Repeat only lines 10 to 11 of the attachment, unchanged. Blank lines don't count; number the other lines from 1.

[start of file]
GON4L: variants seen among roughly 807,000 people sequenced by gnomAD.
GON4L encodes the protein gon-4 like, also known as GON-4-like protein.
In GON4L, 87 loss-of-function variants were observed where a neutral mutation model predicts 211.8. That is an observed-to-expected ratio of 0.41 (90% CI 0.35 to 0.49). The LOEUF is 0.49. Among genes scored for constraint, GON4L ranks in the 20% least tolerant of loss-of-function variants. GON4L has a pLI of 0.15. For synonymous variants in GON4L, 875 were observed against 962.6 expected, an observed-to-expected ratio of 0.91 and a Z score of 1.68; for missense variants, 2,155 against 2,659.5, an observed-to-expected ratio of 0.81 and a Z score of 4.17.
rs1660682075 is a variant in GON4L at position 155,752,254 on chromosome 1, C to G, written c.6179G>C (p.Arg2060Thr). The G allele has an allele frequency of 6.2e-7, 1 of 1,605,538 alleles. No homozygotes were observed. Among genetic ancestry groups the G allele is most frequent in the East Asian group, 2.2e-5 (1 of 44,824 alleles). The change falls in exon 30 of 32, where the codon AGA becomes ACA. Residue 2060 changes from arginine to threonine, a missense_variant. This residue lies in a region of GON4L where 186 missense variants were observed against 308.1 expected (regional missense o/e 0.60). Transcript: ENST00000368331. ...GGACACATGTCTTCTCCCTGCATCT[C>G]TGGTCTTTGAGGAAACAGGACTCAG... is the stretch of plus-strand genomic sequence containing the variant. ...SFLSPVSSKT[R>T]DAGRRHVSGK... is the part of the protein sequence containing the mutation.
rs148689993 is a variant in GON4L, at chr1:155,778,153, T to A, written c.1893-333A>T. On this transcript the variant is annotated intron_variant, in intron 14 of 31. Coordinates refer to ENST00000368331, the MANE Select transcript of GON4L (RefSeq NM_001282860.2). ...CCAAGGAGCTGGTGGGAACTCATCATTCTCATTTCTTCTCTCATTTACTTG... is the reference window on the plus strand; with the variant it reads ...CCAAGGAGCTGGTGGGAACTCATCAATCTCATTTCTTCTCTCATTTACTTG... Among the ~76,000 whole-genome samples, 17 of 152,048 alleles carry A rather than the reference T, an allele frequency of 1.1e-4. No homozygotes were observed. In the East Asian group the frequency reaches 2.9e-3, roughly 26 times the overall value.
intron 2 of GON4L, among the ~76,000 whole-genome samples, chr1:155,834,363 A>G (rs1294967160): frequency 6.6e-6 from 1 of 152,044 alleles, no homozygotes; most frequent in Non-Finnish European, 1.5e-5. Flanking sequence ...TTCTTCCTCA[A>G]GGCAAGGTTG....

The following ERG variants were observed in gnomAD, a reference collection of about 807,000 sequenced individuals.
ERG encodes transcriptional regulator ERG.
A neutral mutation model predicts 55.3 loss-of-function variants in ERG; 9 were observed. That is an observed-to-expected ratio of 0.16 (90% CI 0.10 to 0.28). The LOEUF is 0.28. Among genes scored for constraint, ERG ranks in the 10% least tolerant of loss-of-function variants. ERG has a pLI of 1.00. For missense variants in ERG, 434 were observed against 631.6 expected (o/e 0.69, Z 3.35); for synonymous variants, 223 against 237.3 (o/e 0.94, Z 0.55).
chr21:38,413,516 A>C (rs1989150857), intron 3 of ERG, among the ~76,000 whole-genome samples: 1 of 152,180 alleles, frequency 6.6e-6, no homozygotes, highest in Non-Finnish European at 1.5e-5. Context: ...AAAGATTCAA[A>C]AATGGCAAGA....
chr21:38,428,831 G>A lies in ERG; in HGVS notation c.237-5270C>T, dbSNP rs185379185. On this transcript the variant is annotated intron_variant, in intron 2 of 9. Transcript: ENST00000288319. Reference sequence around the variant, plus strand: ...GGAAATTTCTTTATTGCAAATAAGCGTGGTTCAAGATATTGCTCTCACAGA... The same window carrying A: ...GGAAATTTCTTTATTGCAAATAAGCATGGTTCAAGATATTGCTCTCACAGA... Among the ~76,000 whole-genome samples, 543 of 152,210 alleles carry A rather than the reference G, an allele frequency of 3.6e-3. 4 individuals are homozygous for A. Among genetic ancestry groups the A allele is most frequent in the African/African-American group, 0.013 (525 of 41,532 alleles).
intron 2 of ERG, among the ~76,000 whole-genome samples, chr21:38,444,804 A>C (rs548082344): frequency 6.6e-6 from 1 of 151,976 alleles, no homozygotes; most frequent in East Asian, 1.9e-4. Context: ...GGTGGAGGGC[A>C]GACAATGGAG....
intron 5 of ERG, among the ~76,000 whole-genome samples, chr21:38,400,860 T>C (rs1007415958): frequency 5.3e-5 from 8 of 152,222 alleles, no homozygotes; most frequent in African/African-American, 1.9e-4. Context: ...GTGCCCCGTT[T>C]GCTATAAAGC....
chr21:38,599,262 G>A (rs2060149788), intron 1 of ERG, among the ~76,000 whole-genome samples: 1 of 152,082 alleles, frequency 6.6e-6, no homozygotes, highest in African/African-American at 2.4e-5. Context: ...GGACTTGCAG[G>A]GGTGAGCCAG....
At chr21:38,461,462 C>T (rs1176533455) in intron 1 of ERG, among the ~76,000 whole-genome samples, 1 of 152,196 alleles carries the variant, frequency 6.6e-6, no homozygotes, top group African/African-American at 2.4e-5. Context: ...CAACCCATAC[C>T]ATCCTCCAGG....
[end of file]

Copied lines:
chr21:38,413,516 A>C (rs1989150857), intron 3 of ERG, among the ~76,000 whole-genome samples: 1 of 152,180 alleles, frequency 6.6e-6, no homozygotes, highest in Non-Finnish European at 1.5e-5. Context: ...AAAGATTCAA[A>C]AATGGCAAGA....
chr21:38,428,831 G>A lies in ERG; in HGVS notation c.237-5270C>T, dbSNP rs185379185. On this transcript the variant is annotated intron_variant, in intron 2 of 9. Transcript: ENST00000288319. Reference sequence around the variant, plus strand: ...GGAAATTTCTTTATTGCAAATAAGCGTGGTTCAAGATATTGCTCTCACAGA... The same window carrying A: ...GGAAATTTCTTTATTGCAAATAAGCATGGTTCAAGATATTGCTCTCACAGA... Among the ~76,000 whole-genome samples, 543 of 152,210 alleles carry A rather than the reference G, an allele frequency of 3.6e-3. 4 individuals are homozygous for A. Among genetic ancestry groups the A allele is most frequent in the African/African-American group, 0.013 (525 of 41,532 alleles).